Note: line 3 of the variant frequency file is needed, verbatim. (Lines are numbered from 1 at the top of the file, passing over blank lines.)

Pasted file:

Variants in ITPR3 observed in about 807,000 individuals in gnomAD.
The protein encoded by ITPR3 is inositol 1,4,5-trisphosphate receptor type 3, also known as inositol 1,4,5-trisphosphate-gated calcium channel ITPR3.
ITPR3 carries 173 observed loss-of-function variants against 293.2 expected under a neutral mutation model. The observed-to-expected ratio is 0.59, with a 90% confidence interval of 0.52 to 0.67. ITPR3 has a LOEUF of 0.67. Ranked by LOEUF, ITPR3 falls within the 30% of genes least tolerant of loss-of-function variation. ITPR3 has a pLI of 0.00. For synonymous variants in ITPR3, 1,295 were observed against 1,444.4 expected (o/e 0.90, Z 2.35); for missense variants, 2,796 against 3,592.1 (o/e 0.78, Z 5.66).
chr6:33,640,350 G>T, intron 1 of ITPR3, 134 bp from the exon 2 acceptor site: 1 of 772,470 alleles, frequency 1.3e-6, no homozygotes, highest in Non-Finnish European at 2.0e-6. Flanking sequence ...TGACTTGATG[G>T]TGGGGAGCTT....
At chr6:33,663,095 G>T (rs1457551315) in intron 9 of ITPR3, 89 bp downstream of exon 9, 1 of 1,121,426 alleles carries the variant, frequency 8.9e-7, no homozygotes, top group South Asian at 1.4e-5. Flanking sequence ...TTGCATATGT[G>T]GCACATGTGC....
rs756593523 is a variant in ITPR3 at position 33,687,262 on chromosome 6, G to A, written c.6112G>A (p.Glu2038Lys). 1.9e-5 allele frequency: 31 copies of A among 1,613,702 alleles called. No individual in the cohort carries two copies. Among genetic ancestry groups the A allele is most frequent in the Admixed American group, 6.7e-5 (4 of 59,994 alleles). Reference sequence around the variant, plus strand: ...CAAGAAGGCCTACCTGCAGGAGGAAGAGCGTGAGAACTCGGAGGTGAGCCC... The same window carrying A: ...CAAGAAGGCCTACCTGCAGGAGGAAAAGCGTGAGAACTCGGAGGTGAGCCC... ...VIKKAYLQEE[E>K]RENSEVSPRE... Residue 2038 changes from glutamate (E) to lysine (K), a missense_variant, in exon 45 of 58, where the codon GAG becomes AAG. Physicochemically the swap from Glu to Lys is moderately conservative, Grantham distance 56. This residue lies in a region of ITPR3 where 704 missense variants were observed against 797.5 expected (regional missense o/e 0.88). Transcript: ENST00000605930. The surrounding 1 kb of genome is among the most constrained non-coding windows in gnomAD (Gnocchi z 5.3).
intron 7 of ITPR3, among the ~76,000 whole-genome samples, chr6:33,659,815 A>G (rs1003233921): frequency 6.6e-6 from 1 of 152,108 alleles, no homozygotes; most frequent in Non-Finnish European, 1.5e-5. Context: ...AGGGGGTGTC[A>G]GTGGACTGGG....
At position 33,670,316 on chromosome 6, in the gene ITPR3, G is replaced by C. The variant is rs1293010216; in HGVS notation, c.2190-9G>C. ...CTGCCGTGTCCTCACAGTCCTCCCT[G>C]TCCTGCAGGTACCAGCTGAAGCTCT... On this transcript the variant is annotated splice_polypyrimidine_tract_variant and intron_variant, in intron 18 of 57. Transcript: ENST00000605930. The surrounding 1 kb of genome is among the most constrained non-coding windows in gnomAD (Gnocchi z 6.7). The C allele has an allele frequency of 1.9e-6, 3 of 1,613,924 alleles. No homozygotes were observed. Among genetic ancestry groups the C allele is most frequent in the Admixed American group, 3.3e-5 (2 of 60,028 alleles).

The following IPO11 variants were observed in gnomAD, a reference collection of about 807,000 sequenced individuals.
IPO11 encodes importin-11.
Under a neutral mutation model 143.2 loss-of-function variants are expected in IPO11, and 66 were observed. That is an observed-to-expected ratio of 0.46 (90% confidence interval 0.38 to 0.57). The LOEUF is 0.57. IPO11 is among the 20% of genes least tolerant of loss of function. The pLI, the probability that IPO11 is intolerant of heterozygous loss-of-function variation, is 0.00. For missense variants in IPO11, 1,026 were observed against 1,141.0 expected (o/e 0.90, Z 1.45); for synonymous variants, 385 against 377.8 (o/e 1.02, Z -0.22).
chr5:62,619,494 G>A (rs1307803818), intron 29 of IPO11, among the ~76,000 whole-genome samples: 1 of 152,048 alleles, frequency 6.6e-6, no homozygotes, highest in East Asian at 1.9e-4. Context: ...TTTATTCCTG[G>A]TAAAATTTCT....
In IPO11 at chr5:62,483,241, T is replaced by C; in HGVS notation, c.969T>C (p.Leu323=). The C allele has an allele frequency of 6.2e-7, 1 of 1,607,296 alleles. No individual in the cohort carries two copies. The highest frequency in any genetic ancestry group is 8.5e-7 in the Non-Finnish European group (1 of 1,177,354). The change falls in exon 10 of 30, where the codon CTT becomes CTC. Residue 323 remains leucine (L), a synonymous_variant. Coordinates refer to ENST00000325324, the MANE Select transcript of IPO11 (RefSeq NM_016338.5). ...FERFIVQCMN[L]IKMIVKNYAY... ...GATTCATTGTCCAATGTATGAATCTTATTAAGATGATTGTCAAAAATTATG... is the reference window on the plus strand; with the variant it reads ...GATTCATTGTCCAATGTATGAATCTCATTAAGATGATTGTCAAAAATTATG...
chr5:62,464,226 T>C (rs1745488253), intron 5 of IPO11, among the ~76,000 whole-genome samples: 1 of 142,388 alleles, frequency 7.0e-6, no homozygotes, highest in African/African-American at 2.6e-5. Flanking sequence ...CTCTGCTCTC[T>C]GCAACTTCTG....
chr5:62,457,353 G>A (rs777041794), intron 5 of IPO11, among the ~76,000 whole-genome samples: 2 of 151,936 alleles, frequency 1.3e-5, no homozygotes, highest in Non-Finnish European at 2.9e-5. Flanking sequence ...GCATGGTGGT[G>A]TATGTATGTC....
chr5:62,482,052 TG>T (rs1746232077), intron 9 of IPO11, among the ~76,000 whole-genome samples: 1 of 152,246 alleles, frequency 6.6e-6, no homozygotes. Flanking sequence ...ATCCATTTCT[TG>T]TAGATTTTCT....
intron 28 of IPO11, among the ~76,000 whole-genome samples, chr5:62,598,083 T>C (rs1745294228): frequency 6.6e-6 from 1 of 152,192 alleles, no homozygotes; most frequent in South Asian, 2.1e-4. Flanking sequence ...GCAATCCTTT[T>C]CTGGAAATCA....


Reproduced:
ITPR3 carries 173 observed loss-of-function variants against 293.2 expected under a neutral mutation model. The observed-to-expected ratio is 0.59, with a 90% confidence interval of 0.52 to 0.67. ITPR3 has a LOEUF of 0.67. Ranked by LOEUF, ITPR3 falls within the 30% of genes least tolerant of loss-of-function variation. ITPR3 has a pLI of 0.00. For synonymous variants in ITPR3, 1,295 were observed against 1,444.4 expected (o/e 0.90, Z 2.35); for missense variants, 2,796 against 3,592.1 (o/e 0.78, Z 5.66).